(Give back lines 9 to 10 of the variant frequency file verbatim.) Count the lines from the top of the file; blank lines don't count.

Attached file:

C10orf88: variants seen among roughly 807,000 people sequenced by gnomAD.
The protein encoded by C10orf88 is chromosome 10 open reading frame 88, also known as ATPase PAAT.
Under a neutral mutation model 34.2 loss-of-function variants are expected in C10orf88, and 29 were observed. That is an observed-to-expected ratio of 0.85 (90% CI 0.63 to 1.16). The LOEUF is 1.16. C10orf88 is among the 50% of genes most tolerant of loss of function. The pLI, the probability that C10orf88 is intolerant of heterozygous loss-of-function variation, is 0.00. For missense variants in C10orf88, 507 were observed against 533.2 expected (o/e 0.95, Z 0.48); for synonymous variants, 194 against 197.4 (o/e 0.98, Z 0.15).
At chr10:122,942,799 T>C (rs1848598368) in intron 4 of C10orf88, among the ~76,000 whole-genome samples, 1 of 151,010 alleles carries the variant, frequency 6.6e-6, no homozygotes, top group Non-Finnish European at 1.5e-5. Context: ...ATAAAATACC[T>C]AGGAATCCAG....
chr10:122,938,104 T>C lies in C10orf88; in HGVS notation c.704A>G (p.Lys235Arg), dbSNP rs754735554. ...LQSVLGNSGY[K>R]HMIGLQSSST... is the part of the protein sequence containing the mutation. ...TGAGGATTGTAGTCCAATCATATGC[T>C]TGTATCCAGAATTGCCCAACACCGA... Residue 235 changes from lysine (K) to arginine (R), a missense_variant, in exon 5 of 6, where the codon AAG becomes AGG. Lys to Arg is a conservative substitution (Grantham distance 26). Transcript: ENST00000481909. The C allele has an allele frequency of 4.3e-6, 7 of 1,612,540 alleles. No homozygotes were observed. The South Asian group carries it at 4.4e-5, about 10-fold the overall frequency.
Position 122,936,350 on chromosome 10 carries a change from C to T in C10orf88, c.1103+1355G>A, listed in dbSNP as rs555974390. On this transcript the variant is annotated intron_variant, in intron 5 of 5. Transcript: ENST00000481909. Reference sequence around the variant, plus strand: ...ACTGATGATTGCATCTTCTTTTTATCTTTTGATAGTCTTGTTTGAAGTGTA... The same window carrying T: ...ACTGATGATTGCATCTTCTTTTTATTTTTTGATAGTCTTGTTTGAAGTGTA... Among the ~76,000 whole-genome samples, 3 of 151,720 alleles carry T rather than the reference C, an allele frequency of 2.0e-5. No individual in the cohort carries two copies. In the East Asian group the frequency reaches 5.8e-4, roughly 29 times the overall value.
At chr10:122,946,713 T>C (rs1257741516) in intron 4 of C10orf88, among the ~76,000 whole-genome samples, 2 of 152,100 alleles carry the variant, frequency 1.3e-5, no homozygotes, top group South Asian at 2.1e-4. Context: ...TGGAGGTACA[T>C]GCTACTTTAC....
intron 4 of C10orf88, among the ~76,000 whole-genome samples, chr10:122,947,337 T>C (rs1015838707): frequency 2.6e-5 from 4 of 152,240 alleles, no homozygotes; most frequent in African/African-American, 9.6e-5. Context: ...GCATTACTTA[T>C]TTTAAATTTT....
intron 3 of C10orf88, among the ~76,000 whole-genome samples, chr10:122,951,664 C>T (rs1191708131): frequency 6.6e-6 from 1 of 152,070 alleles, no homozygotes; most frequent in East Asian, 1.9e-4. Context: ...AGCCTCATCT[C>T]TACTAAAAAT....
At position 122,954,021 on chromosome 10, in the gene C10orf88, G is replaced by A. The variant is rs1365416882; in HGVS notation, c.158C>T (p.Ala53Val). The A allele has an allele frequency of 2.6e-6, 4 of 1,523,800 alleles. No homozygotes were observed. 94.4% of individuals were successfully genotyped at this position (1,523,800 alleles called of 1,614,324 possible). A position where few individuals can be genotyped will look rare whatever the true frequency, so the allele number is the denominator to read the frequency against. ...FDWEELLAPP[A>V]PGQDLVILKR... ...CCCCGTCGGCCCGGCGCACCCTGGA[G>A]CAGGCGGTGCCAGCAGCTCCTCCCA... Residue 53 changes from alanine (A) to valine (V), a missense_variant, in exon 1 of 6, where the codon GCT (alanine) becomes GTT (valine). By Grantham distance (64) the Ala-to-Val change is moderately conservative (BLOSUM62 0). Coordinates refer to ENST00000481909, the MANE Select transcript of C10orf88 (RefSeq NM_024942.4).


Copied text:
intron 3 of C10orf88, among the ~76,000 whole-genome samples, chr10:122,951,664 C>T (rs1191708131): frequency 6.6e-6 from 1 of 152,070 alleles, no homozygotes; most frequent in East Asian, 1.9e-4. Context: ...AGCCTCATCT[C>T]TACTAAAAAT....
At position 122,954,021 on chromosome 10, in the gene C10orf88, G is replaced by A. The variant is rs1365416882; in HGVS notation, c.158C>T (p.Ala53Val). The A allele has an allele frequency of 2.6e-6, 4 of 1,523,800 alleles. No homozygotes were observed. 94.4% of individuals were successfully genotyped at this position (1,523,800 alleles called of 1,614,324 possible). A position where few individuals can be genotyped will look rare whatever the true frequency, so the allele number is the denominator to read the frequency against. ...FDWEELLAPP[A>V]PGQDLVILKR... ...CCCCGTCGGCCCGGCGCACCCTGGA[G>A]CAGGCGGTGCCAGCAGCTCCTCCCA... Residue 53 changes from alanine (A) to valine (V), a missense_variant, in exon 1 of 6, where the codon GCT (alanine) becomes GTT (valine). By Grantham distance (64) the Ala-to-Val change is moderately conservative (BLOSUM62 0). Coordinates refer to ENST00000481909, the MANE Select transcript of C10orf88 (RefSeq NM_024942.4).